How to Write The Perfect Subject Line

March 23, 2015

As in real life, first impressions matter in email marketing. The inbox is a noisy and crowded place. You have around 60 characters to capture your consumer’s attention in the subject line.


Following our recent blog post on what words to avoid using in your subject line, in order not to trigger spam alarms, we now want to show you how to create a perfect subject line for your business and increase your open rates.


There have been a ton of studies and debates posted on the web, arguing what phrases and power words produce higher open rates. Here I’ll cherry pick the words, combinations and formatting of different subject lines, to help you write the best one for your business and emails.


Subject lines that don’t suck


To see how these techniques look like in action, here are a few I’ve come across recently that have stood out in my inbox


lovebox


Here we see the correct use of hexadecimal symbols. Lovebox has found a relevant symbol and combined with power words such as ‘First’ and ‘Announcement’ to get me to open the email.


beatport


This subject line tapped into my curiosity and FOMO (Fear of missing out) at the same. It made me think: “I’m invited? To where? Am I the only one invited? I feel special”. The invitation turned out to be a free beta invitation to a new music streaming service they are launching. The catchy subject line was not at all click-bait, the body of the email included an exclusive offer. It did feel a bit special.


product hunt


Yes! Emojis have made it into email. You might not be as excited to see them spread through the cyberspace as me, but come on, they’re pretty cool. Here we see them being used in a relevant context, creating a nostalgic feeling of mid-1990’s computer games.


pact coffee


We can always count on Pact Coffee to play on words with tongue and cheek. When it came to this email, I can see that they’re promoting a specific roast of coffee that they are running out of. The words “gone tomorrow” adds a certain urgency that makes me open and click.


When it comes to constructing your subject line, there are 3 things you should always consider and follow like a ritual.



  • Length Matters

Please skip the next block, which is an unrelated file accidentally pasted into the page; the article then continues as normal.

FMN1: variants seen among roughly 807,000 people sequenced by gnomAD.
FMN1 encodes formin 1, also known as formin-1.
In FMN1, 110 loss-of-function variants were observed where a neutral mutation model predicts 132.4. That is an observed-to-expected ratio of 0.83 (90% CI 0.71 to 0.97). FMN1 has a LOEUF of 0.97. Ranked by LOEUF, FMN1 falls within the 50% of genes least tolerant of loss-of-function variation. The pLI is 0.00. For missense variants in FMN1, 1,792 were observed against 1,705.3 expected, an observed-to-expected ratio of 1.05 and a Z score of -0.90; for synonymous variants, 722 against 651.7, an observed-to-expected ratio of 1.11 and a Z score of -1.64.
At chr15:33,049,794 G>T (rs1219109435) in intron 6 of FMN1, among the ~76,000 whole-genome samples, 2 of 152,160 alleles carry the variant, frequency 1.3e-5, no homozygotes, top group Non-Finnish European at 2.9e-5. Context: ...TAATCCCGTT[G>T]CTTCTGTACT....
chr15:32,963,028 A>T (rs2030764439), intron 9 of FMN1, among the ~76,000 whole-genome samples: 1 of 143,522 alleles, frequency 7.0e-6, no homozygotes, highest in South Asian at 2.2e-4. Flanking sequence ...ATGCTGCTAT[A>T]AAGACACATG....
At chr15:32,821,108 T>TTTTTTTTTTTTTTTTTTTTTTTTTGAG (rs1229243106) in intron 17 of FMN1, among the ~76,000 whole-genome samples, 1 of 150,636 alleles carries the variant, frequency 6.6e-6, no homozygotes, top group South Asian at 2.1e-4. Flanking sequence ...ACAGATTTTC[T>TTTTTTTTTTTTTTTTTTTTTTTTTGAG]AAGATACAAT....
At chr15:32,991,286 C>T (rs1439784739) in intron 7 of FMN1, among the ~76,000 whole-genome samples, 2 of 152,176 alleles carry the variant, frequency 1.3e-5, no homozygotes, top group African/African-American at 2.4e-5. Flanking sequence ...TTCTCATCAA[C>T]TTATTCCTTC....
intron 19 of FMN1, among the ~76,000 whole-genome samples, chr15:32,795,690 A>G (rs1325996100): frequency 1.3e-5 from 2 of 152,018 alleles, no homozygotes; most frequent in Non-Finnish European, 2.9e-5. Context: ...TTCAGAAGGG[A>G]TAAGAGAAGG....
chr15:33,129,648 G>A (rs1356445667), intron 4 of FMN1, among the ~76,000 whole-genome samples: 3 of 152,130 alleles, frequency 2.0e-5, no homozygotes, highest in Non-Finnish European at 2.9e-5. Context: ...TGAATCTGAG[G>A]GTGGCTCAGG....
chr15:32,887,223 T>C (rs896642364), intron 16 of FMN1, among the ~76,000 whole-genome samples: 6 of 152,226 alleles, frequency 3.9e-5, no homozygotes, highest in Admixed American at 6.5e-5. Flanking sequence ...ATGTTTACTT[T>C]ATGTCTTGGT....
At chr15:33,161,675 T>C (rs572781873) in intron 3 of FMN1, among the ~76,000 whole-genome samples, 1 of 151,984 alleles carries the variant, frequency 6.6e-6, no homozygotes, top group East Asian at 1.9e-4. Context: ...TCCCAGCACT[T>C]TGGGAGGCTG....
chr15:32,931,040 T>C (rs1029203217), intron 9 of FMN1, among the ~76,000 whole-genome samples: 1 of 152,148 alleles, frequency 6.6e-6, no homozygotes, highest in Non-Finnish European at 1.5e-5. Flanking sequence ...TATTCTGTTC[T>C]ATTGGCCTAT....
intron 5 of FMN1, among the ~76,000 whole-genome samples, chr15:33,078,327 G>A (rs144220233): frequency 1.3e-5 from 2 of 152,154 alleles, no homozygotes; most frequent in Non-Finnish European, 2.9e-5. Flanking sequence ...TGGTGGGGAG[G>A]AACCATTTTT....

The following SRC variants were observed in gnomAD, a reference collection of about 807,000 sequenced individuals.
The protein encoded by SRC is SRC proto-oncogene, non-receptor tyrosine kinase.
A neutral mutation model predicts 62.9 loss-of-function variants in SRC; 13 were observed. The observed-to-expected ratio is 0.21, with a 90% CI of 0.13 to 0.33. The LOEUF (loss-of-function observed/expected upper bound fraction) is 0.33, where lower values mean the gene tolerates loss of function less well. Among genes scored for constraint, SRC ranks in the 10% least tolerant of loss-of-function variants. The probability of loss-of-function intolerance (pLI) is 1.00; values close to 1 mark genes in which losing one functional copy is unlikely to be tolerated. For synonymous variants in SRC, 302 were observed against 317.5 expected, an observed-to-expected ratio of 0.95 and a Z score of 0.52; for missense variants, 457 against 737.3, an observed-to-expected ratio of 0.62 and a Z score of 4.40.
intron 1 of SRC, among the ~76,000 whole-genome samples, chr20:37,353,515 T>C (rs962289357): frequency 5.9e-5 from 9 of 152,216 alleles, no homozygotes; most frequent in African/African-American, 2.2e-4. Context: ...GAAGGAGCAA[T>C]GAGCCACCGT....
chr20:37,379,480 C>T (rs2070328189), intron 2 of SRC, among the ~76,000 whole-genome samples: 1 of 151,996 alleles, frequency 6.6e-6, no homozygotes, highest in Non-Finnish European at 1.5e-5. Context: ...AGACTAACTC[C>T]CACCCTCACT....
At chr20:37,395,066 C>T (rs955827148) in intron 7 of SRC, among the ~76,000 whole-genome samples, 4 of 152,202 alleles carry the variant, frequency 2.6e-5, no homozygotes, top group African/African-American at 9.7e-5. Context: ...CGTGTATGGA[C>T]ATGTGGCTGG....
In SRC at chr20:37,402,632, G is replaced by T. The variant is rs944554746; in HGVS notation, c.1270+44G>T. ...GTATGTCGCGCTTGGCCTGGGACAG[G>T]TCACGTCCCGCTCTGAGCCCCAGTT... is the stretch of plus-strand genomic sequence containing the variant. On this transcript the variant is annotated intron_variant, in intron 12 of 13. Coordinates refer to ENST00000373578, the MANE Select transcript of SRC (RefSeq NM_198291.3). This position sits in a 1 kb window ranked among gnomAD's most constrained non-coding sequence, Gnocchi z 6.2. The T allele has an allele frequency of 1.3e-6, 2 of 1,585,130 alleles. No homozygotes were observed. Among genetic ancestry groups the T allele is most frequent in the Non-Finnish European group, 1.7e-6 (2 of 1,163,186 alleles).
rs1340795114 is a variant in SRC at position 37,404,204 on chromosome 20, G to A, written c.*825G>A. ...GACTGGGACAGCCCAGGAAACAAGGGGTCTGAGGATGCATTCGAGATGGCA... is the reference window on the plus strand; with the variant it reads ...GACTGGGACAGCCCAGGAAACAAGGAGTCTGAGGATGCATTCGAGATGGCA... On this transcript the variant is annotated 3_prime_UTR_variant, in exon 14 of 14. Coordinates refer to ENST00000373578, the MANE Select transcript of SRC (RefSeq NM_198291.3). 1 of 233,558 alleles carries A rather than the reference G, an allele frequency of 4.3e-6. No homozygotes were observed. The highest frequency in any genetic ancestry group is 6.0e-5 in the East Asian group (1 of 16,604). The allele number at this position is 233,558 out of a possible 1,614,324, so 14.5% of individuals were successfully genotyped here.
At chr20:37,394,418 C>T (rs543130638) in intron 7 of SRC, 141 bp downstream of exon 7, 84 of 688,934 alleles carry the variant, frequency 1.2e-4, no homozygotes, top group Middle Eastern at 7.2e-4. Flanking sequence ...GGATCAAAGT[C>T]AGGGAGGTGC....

The verdict is still out on whether shorter subject lines drive more opens. A shorter subject line may be more likely to catch the reader’s attention, but it still has to be reflective of the content inside. As the subject line contains less detail on the content, the user might not find what’s inside the email interesting after having curiosity drive them to open it.


Additionally you should be aware of each email client’s subject line preview length For example, Gmail only shows the first 70 characters, where Hotmail / Live and Yahoo Mail show 60 and 46 characters respectively. Do some research on different mobile clients to find out the current limits too.



  • Symbols and Emojis

Marketers have been using hexadecimal symbols for a while now, but they are not as widely used as you would expect because they are not compatible with all email clients. We’re now seeing some email clients such as Gmail supporting emojis and hex symbols, which we saw Pact and Lovebox use in examples I showed. Either way, they should always be used in context, otherwise it can have a bad effect on your brand and be seen as childish.



  • Testing

Lastly, always A/B test. You can’t 100% know which subject line will work best, so set up an ‘A/X test’ to try out 4, 5 different subject lines. Personally, I send my campaigns on Tuesday noon with A/X test in place and let it run for 20 hours. The winning subject line and email will then be sent around 8.30AM on Wednesday morning so it’ll be one of the first in users’ inbox when they get to work.


After A/X testing and sending a couple of campaigns, be sure you use ‘Campaign Comparison’ to see which campaigns worked best for your data-set and look to improve future ones! By comparing your results with your industry benchmarks you can always have specific goals to aim at and improve your email campaigns over time.


With all that said, now it’s time to get to work! Which of these techniques are you currently practicing and which ones are you looking to implement?

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